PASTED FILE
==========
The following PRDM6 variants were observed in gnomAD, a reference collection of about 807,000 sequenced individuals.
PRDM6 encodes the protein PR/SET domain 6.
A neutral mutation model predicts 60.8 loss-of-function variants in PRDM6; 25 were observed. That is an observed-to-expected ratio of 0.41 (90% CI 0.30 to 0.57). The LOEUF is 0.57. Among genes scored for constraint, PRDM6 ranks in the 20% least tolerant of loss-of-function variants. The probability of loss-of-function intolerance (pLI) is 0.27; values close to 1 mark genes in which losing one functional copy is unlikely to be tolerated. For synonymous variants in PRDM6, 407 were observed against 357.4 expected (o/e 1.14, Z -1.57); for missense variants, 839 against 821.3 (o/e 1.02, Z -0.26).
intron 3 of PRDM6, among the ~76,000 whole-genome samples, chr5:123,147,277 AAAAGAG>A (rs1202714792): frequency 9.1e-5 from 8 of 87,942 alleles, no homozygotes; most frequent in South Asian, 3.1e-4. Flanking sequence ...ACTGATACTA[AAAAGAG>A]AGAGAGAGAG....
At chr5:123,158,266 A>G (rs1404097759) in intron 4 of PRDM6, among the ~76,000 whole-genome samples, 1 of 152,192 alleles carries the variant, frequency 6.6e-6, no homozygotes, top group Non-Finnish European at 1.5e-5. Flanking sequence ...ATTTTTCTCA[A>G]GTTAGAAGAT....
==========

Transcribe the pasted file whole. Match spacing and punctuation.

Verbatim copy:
The following PRDM6 variants were observed in gnomAD, a reference collection of about 807,000 sequenced individuals.
PRDM6 encodes the protein PR/SET domain 6.
A neutral mutation model predicts 60.8 loss-of-function variants in PRDM6; 25 were observed. That is an observed-to-expected ratio of 0.41 (90% CI 0.30 to 0.57). The LOEUF is 0.57. Among genes scored for constraint, PRDM6 ranks in the 20% least tolerant of loss-of-function variants. The probability of loss-of-function intolerance (pLI) is 0.27; values close to 1 mark genes in which losing one functional copy is unlikely to be tolerated. For synonymous variants in PRDM6, 407 were observed against 357.4 expected (o/e 1.14, Z -1.57); for missense variants, 839 against 821.3 (o/e 1.02, Z -0.26).
intron 3 of PRDM6, among the ~76,000 whole-genome samples, chr5:123,147,277 AAAAGAG>A (rs1202714792): frequency 9.1e-5 from 8 of 87,942 alleles, no homozygotes; most frequent in South Asian, 3.1e-4. Flanking sequence ...ACTGATACTA[AAAAGAG>A]AGAGAGAGAG....
At chr5:123,158,266 A>G (rs1404097759) in intron 4 of PRDM6, among the ~76,000 whole-genome samples, 1 of 152,192 alleles carries the variant, frequency 6.6e-6, no homozygotes, top group Non-Finnish European at 1.5e-5. Flanking sequence ...ATTTTTCTCA[A>G]GTTAGAAGAT....